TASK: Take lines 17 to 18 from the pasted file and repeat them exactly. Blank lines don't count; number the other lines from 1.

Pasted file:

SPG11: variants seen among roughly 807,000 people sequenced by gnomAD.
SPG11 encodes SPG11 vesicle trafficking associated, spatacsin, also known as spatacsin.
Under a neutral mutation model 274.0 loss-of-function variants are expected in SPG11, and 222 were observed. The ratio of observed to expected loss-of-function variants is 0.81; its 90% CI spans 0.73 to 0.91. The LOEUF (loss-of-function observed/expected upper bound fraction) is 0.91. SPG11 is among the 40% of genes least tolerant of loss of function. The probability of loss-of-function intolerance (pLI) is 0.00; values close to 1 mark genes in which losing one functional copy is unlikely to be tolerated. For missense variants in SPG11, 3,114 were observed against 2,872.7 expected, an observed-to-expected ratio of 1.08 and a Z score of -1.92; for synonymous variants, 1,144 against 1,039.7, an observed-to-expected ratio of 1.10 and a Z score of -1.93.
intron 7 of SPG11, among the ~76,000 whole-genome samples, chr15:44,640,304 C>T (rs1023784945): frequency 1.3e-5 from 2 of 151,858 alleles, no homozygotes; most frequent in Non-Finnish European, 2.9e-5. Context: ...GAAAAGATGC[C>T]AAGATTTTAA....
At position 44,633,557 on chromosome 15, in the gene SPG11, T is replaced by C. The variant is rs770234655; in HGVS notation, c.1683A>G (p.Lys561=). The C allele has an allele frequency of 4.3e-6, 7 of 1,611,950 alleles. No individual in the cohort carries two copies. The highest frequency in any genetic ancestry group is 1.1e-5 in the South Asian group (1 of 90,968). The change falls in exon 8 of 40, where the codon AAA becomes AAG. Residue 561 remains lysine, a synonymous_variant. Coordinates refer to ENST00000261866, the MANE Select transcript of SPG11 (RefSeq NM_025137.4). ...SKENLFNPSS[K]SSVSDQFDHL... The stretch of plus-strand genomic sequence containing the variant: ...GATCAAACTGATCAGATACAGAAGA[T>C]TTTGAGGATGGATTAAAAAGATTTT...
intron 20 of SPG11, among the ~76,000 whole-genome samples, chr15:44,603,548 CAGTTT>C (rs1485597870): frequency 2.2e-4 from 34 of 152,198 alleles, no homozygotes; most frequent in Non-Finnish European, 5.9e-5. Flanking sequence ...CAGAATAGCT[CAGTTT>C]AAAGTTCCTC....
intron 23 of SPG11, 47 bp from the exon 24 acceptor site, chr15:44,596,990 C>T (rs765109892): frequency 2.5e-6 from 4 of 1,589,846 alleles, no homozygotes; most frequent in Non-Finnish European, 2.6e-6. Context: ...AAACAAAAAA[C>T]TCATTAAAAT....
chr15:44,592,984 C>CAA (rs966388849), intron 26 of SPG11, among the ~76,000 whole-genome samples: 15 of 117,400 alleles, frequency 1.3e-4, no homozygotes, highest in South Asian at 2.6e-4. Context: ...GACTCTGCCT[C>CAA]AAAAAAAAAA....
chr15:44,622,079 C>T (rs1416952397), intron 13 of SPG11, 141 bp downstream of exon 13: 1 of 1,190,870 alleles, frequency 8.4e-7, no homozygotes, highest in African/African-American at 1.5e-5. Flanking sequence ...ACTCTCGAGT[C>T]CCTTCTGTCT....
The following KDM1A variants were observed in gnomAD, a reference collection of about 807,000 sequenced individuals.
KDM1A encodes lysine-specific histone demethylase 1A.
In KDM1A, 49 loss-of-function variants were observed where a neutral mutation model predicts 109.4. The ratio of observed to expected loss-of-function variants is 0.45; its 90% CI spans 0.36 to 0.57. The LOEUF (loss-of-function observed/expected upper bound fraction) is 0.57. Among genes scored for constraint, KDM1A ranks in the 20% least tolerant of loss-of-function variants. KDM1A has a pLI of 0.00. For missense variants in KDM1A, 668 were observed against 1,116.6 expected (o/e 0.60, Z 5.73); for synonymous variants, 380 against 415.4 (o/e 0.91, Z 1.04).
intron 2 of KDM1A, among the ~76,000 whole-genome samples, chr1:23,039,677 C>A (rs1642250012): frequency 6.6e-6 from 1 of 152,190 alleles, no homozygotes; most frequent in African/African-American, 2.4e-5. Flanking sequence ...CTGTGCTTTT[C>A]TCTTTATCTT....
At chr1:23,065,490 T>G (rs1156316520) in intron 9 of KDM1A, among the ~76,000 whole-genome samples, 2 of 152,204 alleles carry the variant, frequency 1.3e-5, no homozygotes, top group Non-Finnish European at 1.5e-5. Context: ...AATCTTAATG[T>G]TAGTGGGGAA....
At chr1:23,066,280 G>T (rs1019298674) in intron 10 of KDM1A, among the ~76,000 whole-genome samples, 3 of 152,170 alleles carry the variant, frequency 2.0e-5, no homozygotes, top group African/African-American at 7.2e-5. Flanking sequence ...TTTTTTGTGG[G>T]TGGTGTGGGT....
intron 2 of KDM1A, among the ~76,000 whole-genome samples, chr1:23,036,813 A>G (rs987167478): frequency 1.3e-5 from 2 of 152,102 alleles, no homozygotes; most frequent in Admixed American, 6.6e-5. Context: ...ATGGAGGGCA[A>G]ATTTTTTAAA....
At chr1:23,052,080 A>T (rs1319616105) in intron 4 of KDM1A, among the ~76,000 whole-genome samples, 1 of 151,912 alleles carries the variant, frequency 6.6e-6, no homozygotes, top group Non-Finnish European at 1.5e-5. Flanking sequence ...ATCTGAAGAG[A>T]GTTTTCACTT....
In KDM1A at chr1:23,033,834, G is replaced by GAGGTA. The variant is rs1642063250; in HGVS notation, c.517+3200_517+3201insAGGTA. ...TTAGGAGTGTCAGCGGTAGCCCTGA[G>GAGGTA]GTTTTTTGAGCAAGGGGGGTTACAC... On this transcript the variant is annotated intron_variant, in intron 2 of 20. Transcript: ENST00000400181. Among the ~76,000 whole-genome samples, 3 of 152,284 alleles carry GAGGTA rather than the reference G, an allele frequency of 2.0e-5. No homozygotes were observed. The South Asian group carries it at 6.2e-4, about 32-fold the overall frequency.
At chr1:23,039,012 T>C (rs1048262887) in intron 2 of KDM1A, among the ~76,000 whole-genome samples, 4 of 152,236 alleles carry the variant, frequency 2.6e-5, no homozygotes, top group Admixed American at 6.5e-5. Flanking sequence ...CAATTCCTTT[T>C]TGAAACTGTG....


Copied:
At chr1:23,052,080 A>T (rs1319616105) in intron 4 of KDM1A, among the ~76,000 whole-genome samples, 1 of 151,912 alleles carries the variant, frequency 6.6e-6, no homozygotes, top group Non-Finnish European at 1.5e-5. Flanking sequence ...ATCTGAAGAG[A>T]GTTTTCACTT....
In KDM1A at chr1:23,033,834, G is replaced by GAGGTA. The variant is rs1642063250; in HGVS notation, c.517+3200_517+3201insAGGTA. ...TTAGGAGTGTCAGCGGTAGCCCTGA[G>GAGGTA]GTTTTTTGAGCAAGGGGGGTTACAC... On this transcript the variant is annotated intron_variant, in intron 2 of 20. Transcript: ENST00000400181. Among the ~76,000 whole-genome samples, 3 of 152,284 alleles carry GAGGTA rather than the reference G, an allele frequency of 2.0e-5. No homozygotes were observed. The South Asian group carries it at 6.2e-4, about 32-fold the overall frequency.